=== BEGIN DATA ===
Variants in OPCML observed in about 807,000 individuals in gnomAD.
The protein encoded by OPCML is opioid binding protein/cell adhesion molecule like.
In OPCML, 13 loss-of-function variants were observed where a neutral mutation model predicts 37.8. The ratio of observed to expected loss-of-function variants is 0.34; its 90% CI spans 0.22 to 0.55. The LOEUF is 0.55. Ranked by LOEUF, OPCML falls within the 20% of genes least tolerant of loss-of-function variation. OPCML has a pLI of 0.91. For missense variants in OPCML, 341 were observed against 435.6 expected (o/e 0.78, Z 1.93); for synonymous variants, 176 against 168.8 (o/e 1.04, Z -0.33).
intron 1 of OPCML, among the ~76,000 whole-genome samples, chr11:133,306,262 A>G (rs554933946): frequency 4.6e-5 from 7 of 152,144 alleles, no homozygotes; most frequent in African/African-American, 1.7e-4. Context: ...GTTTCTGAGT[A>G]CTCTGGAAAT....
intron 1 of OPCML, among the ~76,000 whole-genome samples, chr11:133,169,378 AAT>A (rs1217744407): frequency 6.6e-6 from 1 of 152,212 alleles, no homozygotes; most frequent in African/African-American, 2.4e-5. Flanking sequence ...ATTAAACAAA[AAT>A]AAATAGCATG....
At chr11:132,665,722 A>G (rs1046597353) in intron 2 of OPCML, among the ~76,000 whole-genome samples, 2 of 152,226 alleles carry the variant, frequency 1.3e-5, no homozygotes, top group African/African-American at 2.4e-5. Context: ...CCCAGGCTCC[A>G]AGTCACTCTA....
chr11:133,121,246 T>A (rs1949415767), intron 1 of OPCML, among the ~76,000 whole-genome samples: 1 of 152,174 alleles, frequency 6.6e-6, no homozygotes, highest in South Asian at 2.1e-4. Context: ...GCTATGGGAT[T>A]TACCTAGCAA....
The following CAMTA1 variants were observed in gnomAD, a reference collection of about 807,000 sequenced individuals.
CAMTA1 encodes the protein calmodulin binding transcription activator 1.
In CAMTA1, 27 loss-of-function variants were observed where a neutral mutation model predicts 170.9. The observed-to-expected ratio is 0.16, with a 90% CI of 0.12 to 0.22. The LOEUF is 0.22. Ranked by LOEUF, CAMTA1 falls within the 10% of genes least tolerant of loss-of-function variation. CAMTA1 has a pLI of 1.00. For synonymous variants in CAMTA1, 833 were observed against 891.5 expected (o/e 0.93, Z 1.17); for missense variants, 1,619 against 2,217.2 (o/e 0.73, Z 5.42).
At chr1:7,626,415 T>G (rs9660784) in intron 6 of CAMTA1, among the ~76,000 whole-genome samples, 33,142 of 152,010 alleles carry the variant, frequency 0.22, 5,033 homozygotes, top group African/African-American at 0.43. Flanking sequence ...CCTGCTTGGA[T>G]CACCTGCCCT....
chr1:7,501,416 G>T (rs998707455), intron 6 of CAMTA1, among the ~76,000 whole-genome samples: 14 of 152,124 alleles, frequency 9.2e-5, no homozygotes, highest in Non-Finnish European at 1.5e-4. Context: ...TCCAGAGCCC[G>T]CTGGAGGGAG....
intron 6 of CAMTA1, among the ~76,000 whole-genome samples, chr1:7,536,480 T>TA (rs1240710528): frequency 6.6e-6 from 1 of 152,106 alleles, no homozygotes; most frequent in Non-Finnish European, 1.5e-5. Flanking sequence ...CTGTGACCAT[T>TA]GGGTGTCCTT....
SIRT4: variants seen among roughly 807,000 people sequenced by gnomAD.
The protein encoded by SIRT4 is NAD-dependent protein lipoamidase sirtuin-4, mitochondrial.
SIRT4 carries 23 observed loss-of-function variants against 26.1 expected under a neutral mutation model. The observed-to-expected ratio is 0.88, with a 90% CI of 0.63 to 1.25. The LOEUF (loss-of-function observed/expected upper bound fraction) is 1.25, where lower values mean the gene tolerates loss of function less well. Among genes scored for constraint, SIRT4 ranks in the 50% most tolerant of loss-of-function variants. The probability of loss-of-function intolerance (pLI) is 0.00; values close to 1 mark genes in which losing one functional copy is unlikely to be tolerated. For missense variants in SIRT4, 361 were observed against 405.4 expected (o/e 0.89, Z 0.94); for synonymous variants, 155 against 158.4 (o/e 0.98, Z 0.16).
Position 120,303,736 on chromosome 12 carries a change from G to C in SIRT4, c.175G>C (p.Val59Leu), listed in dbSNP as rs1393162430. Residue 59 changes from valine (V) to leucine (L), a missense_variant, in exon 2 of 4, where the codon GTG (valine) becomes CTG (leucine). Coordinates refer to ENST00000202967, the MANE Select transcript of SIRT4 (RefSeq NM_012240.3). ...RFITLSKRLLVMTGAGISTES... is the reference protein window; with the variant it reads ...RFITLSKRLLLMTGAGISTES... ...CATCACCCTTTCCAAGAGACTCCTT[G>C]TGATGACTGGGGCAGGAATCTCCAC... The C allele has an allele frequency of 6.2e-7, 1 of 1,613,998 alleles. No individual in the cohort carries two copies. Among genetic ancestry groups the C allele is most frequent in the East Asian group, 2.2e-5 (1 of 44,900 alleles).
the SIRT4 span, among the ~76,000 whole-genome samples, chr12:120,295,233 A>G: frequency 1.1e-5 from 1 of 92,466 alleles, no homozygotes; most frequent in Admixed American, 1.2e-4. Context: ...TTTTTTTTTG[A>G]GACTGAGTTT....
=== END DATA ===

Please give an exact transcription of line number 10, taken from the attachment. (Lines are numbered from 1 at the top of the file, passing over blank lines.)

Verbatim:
In CAMTA1, 27 loss-of-function variants were observed where a neutral mutation model predicts 170.9. The observed-to-expected ratio is 0.16, with a 90% CI of 0.12 to 0.22. The LOEUF is 0.22. Ranked by LOEUF, CAMTA1 falls within the 10% of genes least tolerant of loss-of-function variation. CAMTA1 has a pLI of 1.00. For synonymous variants in CAMTA1, 833 were observed against 891.5 expected (o/e 0.93, Z 1.17); for missense variants, 1,619 against 2,217.2 (o/e 0.73, Z 5.42).